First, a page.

by Roger Bourke White Jr. copyright Sep 2013
In the summer of 2013 I took an American History class at SLCC. (Salt Lake Community College) The class was interesting, but I felt the theme the teacher followed was misdirected. The teacher concentrated on culture and the idiosyncrasies of various famous American leaders such as Washington, Lincoln, Jackson and Davis. He also spent a lot of time on what I consider side issues. An example: When discussing the 1830's he spent a whole lot of time on the Indian Removal "Trail of Tears" and zero time on the disruptive technologies of the day such as the spread of both ocean- and river-compatible steamboats and the digging of the Erie Canal. These had a whole lot more impact on the course of American history.
What he was missing is what I call "The Big Picture" -- how emerging technologies and historical accidents mesh to shape what we call history, and the America we live with today. This series of lessons is my attempt to do a better job of telling the story of history.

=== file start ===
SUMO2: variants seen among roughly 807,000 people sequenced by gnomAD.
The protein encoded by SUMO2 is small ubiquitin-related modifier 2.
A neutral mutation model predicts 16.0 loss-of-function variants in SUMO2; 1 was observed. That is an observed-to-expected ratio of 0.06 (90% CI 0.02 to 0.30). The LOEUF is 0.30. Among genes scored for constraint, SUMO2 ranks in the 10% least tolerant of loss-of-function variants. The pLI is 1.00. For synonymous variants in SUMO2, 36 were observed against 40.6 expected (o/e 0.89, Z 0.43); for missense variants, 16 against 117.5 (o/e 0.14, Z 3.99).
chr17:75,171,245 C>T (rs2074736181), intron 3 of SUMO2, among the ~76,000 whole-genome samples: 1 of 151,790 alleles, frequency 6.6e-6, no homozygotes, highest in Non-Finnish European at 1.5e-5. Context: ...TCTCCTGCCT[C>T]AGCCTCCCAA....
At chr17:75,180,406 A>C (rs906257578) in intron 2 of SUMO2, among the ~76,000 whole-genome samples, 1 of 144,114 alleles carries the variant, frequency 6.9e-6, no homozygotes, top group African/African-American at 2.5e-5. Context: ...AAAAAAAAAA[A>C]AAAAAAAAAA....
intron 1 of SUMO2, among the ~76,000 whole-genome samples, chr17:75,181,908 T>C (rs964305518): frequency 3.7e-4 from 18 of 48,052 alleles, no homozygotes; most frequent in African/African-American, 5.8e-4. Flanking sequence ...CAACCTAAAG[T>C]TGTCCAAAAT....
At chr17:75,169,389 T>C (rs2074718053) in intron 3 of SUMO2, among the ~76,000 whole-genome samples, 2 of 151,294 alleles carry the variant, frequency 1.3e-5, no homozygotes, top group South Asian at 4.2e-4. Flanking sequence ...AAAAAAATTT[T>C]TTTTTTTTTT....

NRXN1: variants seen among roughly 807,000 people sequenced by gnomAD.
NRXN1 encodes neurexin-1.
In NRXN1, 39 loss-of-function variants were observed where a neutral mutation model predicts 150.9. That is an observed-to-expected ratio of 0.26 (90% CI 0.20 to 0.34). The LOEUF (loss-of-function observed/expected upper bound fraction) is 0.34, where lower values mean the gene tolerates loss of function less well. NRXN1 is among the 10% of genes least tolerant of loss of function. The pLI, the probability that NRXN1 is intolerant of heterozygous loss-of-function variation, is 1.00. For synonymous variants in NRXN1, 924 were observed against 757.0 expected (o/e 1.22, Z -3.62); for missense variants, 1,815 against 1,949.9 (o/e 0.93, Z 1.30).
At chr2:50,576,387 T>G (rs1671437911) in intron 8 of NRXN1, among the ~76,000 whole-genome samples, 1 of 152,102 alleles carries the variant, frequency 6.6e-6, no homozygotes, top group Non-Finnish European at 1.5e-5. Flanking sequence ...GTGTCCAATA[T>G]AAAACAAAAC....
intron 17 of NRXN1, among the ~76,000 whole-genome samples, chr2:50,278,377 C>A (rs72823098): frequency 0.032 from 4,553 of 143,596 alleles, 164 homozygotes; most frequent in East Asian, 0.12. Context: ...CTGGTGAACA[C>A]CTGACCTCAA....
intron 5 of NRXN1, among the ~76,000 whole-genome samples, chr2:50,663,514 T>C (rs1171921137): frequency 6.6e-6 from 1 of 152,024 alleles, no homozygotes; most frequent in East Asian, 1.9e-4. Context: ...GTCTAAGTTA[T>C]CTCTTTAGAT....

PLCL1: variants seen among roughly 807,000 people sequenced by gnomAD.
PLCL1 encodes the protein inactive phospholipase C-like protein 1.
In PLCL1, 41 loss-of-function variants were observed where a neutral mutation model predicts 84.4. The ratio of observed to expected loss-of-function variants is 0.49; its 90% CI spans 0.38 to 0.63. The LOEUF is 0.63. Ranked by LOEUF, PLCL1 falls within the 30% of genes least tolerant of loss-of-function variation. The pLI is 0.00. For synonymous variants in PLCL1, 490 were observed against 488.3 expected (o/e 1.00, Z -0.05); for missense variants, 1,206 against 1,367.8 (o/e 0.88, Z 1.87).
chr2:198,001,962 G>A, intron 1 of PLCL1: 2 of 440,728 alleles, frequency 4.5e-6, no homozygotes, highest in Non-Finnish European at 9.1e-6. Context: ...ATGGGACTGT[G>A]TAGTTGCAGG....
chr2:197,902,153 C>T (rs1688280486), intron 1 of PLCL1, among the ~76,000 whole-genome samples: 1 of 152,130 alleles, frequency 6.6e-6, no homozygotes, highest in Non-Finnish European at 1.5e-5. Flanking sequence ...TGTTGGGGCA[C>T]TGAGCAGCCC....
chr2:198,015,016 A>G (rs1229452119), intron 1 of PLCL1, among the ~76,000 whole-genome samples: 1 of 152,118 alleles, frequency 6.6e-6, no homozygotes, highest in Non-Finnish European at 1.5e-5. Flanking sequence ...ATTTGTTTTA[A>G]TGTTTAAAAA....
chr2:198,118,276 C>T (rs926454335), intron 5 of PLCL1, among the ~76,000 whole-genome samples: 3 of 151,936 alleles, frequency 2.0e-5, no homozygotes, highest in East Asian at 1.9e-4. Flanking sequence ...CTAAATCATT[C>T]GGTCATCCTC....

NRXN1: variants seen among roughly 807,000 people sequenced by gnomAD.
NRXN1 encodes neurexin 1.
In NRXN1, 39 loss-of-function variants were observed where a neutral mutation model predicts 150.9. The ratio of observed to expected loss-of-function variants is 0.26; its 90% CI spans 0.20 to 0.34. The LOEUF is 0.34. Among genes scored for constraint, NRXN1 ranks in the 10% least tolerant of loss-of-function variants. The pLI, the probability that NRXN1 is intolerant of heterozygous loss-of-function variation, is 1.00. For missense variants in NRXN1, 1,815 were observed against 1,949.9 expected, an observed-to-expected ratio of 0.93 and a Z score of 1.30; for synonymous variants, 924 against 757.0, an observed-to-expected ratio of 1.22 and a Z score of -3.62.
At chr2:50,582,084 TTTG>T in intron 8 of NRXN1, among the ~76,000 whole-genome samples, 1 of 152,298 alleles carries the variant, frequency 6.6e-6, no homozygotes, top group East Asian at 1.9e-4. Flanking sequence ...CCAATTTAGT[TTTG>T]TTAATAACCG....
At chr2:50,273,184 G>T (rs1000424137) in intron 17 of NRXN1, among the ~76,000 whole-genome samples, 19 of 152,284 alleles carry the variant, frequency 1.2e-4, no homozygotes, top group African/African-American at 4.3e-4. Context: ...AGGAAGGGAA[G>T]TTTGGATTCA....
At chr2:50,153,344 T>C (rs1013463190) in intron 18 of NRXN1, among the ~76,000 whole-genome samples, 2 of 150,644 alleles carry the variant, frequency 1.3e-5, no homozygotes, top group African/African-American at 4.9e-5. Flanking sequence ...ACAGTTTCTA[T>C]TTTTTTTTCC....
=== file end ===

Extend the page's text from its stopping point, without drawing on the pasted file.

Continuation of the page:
I followed this class with several others, and I found this teaching irrelevant issues to be common. The result of taking these classes has been surprisingly inspiring: This series of essays on what I call Roger's Big Picture History Lessons.
The people and events such as Lincoln and the Civil War are exciting, but the important part of history, the part that has practical value, is learning the big picture patterns. These patterns repeat. If you train yourself to look for the patterns, then the unfolding of current events that you live with from day to day will be less surprising.
Less surprises in your day-to-day living and better understanding of the current events unfolding around you is the goal of Big Picture history teaching.